Among the many buzzwords that have become part of our now common ‘COVID-language’, words such as postponed or cancelled have been consistent in reminding us of how unrelentingly frustrating the pandemic has been and, unfortunately, continues to be for many of Wales’ key industries. There is no doubt that the cancellations and postponements have placed an enormous strain on both the arts and the hospitality sectors, for example. The public’s opinions on the reopening, or indeed, the delayed reopening of schools, however, are much more varied.

For some people, the start of the school term normally signifies somewhat of a shift back to a more manageable routine, where parents can perhaps more easily balance their work and home lives, and children can again see their friends in person. 

For other parents, and for the children themselves, the prospect of re-entering classrooms full of other people during a particularly challenging period amid the pandemic, is incredibly daunting. Owning a computer is a privilege, and for some families who have no or limited access to a device, online learning is simply not possible.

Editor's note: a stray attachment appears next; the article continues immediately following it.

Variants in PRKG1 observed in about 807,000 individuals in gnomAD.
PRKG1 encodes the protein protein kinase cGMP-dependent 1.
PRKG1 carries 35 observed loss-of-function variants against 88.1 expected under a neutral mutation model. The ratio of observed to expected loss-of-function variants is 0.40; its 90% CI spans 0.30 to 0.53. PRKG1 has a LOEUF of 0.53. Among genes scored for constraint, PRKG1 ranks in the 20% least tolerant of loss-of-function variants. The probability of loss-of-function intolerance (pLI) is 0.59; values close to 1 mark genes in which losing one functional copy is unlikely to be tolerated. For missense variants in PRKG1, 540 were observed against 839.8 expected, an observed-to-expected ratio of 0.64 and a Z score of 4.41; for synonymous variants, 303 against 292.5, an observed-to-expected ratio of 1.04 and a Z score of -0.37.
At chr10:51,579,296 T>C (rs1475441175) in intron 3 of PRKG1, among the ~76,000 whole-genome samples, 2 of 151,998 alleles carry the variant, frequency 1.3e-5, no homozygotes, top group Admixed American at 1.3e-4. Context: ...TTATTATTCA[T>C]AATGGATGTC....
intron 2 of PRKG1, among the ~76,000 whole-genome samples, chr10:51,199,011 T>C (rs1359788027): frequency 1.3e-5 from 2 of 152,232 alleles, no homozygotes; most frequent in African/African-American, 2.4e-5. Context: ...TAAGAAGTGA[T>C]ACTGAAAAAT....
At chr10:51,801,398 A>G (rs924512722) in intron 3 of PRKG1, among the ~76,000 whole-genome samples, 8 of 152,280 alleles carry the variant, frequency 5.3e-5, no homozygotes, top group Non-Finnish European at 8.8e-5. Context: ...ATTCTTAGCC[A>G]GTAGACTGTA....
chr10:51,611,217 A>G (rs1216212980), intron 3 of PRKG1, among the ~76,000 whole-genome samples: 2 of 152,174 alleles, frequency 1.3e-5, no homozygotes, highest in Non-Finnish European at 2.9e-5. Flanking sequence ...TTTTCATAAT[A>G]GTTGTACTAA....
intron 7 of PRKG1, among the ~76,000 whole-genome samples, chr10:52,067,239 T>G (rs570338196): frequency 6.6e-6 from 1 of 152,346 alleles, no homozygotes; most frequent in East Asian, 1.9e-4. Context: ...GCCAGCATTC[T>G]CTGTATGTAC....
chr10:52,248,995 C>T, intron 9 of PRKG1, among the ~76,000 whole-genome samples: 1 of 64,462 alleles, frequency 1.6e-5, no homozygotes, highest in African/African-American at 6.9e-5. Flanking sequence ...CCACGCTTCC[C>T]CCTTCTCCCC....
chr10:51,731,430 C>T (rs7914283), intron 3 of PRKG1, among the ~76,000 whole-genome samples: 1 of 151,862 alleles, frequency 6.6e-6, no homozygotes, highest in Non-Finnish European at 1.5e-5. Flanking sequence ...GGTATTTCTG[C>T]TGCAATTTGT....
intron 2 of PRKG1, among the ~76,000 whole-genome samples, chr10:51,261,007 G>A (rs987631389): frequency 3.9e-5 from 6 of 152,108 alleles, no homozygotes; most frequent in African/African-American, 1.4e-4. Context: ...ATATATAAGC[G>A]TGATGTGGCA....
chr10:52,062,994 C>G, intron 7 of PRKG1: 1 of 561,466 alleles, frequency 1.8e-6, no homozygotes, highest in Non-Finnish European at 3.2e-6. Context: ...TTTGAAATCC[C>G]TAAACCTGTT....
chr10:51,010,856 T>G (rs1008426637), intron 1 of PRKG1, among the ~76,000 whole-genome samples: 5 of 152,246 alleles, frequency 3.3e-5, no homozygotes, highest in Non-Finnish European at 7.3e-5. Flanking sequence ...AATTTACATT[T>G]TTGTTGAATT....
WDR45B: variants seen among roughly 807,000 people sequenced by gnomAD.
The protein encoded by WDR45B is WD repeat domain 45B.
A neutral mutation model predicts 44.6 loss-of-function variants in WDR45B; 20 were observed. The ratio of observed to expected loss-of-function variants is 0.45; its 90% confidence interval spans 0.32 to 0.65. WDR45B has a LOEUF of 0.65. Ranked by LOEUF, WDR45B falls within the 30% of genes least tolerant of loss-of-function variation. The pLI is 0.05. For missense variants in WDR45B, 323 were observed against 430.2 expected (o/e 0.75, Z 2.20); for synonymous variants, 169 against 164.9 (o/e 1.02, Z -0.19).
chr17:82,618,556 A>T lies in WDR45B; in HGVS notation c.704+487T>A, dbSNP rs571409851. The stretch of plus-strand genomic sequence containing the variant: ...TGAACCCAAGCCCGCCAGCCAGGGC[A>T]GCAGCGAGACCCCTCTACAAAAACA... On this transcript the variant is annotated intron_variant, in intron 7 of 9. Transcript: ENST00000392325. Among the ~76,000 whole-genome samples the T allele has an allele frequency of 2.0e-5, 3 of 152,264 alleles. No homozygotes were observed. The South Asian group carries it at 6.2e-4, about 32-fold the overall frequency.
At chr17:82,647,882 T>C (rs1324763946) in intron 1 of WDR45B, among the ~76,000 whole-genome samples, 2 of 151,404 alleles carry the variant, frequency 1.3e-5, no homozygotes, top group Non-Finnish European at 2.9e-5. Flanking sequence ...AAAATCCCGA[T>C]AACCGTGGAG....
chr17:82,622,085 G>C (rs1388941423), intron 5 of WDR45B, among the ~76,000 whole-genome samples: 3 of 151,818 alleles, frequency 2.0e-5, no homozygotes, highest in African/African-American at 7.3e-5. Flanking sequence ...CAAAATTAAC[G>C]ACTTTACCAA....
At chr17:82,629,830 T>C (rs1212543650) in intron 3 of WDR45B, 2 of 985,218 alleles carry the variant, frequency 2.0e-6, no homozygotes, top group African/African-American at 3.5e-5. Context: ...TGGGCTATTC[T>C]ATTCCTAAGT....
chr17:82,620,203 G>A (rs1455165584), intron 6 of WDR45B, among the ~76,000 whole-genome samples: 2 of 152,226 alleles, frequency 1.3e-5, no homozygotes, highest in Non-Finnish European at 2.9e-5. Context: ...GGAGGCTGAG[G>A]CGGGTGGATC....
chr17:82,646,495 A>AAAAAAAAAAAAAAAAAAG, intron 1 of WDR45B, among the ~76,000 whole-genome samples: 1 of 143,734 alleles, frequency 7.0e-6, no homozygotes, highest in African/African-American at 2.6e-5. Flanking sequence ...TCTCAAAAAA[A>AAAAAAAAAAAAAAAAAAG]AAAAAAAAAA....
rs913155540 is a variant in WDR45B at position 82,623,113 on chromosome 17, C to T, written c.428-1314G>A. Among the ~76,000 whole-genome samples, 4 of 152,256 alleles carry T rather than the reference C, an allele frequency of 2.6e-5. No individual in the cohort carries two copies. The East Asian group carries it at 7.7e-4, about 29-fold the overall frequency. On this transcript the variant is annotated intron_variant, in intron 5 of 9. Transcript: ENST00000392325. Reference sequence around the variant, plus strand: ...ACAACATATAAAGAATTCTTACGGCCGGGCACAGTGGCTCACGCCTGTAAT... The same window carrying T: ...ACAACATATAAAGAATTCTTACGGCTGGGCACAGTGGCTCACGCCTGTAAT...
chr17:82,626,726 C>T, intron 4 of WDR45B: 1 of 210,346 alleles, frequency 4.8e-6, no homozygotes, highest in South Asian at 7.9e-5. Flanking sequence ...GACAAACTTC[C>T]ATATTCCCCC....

In some instances, home is not a safe environment for the children, while for those with additional learning needs, not being able to leave the house means that they don’t have access to the additional care they require. Whatever the setting may be, I’m sure that everybody would agree that during this lockdown, people are tired and people need grace. 


Amidst these contrasting views, and as the Government deliberates over the reopening of schools, what might our response as God’s people be? First, let’s commit to being a nation that responds to fear and confusion with intentional prayer. For the youngest school children who may be confused as to why there are delays and restrictions in place, or for the oldest school pupils who may fear for the outcome of future assessments or that they themselves might be spreading the virus, let’s pray that God’s supernatural love and protection would be in our country’s school buildings and online lessons. 

Finally, let’s pray for teachers and support staff who have selflessly rolled with the punches of various lockdowns, that God would strengthen them and encourage them during an academic year that has stretched their capacity, and that He would show them much grace. 

In health and social care minister Vaughan Gething’s recent interviews, he stressed the importance of patience during this season. Whether we agree or disagree with the reopening of schools, let’s remember to be patient with one another, to show grace and, importantly, to commit ourselves to prayer.